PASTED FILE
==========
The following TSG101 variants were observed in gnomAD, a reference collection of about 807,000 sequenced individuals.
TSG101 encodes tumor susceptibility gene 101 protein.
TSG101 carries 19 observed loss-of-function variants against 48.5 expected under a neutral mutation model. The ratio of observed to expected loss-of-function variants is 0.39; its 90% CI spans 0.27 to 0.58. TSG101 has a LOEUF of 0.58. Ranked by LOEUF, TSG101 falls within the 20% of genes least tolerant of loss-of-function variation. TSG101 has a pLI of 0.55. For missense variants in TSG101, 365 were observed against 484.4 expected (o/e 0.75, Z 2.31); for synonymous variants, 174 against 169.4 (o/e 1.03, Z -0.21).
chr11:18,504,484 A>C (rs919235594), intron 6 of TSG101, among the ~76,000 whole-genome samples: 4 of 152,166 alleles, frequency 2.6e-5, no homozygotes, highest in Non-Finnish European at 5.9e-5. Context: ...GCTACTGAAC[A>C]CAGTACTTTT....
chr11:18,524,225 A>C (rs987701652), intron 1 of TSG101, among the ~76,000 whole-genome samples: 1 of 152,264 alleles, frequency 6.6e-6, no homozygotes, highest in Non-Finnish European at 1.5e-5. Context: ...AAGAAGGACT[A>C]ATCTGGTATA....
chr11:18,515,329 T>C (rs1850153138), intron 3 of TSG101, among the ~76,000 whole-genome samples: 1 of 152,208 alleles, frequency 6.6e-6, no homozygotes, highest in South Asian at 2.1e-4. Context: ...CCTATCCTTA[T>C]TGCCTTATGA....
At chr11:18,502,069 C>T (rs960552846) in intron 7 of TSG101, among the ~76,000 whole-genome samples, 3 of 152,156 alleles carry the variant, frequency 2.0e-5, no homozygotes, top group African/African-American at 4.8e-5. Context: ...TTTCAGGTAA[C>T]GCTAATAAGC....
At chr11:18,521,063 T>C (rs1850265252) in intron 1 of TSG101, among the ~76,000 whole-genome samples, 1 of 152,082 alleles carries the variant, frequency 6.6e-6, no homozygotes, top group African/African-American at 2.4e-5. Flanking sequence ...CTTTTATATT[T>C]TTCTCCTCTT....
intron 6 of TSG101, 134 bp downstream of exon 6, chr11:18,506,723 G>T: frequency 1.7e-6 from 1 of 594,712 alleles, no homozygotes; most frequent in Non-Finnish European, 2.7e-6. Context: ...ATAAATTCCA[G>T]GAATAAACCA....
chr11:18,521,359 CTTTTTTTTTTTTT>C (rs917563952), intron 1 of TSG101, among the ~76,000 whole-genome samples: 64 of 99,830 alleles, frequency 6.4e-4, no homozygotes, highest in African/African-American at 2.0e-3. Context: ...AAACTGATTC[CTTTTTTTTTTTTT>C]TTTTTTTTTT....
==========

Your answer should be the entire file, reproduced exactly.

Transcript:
The following TSG101 variants were observed in gnomAD, a reference collection of about 807,000 sequenced individuals.
TSG101 encodes tumor susceptibility gene 101 protein.
TSG101 carries 19 observed loss-of-function variants against 48.5 expected under a neutral mutation model. The ratio of observed to expected loss-of-function variants is 0.39; its 90% CI spans 0.27 to 0.58. TSG101 has a LOEUF of 0.58. Ranked by LOEUF, TSG101 falls within the 20% of genes least tolerant of loss-of-function variation. TSG101 has a pLI of 0.55. For missense variants in TSG101, 365 were observed against 484.4 expected (o/e 0.75, Z 2.31); for synonymous variants, 174 against 169.4 (o/e 1.03, Z -0.21).
chr11:18,504,484 A>C (rs919235594), intron 6 of TSG101, among the ~76,000 whole-genome samples: 4 of 152,166 alleles, frequency 2.6e-5, no homozygotes, highest in Non-Finnish European at 5.9e-5. Context: ...GCTACTGAAC[A>C]CAGTACTTTT....
chr11:18,524,225 A>C (rs987701652), intron 1 of TSG101, among the ~76,000 whole-genome samples: 1 of 152,264 alleles, frequency 6.6e-6, no homozygotes, highest in Non-Finnish European at 1.5e-5. Context: ...AAGAAGGACT[A>C]ATCTGGTATA....
chr11:18,515,329 T>C (rs1850153138), intron 3 of TSG101, among the ~76,000 whole-genome samples: 1 of 152,208 alleles, frequency 6.6e-6, no homozygotes, highest in South Asian at 2.1e-4. Context: ...CCTATCCTTA[T>C]TGCCTTATGA....
At chr11:18,502,069 C>T (rs960552846) in intron 7 of TSG101, among the ~76,000 whole-genome samples, 3 of 152,156 alleles carry the variant, frequency 2.0e-5, no homozygotes, top group African/African-American at 4.8e-5. Context: ...TTTCAGGTAA[C>T]GCTAATAAGC....
At chr11:18,521,063 T>C (rs1850265252) in intron 1 of TSG101, among the ~76,000 whole-genome samples, 1 of 152,082 alleles carries the variant, frequency 6.6e-6, no homozygotes, top group African/African-American at 2.4e-5. Flanking sequence ...CTTTTATATT[T>C]TTCTCCTCTT....
intron 6 of TSG101, 134 bp downstream of exon 6, chr11:18,506,723 G>T: frequency 1.7e-6 from 1 of 594,712 alleles, no homozygotes; most frequent in Non-Finnish European, 2.7e-6. Context: ...ATAAATTCCA[G>T]GAATAAACCA....
chr11:18,521,359 CTTTTTTTTTTTTT>C (rs917563952), intron 1 of TSG101, among the ~76,000 whole-genome samples: 64 of 99,830 alleles, frequency 6.4e-4, no homozygotes, highest in African/African-American at 2.0e-3. Context: ...AAACTGATTC[CTTTTTTTTTTTTT>C]TTTTTTTTTT....